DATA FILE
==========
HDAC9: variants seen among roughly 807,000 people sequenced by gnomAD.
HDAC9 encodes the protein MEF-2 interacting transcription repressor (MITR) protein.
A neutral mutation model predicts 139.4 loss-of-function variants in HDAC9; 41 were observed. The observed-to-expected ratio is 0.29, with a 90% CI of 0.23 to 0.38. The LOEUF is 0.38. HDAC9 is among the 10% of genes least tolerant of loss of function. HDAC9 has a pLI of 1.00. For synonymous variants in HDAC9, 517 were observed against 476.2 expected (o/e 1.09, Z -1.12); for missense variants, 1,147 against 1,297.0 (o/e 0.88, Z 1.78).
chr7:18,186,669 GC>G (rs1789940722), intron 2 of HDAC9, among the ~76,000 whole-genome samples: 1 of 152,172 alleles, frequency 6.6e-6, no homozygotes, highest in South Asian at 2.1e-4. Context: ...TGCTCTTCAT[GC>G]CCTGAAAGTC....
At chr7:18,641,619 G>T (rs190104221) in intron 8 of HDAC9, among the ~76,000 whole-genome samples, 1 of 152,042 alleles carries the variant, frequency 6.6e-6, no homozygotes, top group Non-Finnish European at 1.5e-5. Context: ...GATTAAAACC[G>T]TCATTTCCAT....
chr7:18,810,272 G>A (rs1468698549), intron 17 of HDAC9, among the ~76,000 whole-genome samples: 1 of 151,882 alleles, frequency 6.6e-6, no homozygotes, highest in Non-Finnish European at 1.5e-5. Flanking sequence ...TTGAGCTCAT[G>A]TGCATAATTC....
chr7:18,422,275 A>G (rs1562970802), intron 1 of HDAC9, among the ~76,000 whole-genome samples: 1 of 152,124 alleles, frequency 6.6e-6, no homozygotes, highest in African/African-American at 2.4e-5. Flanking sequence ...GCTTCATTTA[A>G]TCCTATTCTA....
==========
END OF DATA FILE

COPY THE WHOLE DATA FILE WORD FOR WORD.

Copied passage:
HDAC9: variants seen among roughly 807,000 people sequenced by gnomAD.
HDAC9 encodes the protein MEF-2 interacting transcription repressor (MITR) protein.
A neutral mutation model predicts 139.4 loss-of-function variants in HDAC9; 41 were observed. The observed-to-expected ratio is 0.29, with a 90% CI of 0.23 to 0.38. The LOEUF is 0.38. HDAC9 is among the 10% of genes least tolerant of loss of function. HDAC9 has a pLI of 1.00. For synonymous variants in HDAC9, 517 were observed against 476.2 expected (o/e 1.09, Z -1.12); for missense variants, 1,147 against 1,297.0 (o/e 0.88, Z 1.78).
chr7:18,186,669 GC>G (rs1789940722), intron 2 of HDAC9, among the ~76,000 whole-genome samples: 1 of 152,172 alleles, frequency 6.6e-6, no homozygotes, highest in South Asian at 2.1e-4. Context: ...TGCTCTTCAT[GC>G]CCTGAAAGTC....
At chr7:18,641,619 G>T (rs190104221) in intron 8 of HDAC9, among the ~76,000 whole-genome samples, 1 of 152,042 alleles carries the variant, frequency 6.6e-6, no homozygotes, top group Non-Finnish European at 1.5e-5. Context: ...GATTAAAACC[G>T]TCATTTCCAT....
chr7:18,810,272 G>A (rs1468698549), intron 17 of HDAC9, among the ~76,000 whole-genome samples: 1 of 151,882 alleles, frequency 6.6e-6, no homozygotes, highest in Non-Finnish European at 1.5e-5. Flanking sequence ...TTGAGCTCAT[G>A]TGCATAATTC....
chr7:18,422,275 A>G (rs1562970802), intron 1 of HDAC9, among the ~76,000 whole-genome samples: 1 of 152,124 alleles, frequency 6.6e-6, no homozygotes, highest in African/African-American at 2.4e-5. Flanking sequence ...GCTTCATTTA[A>G]TCCTATTCTA....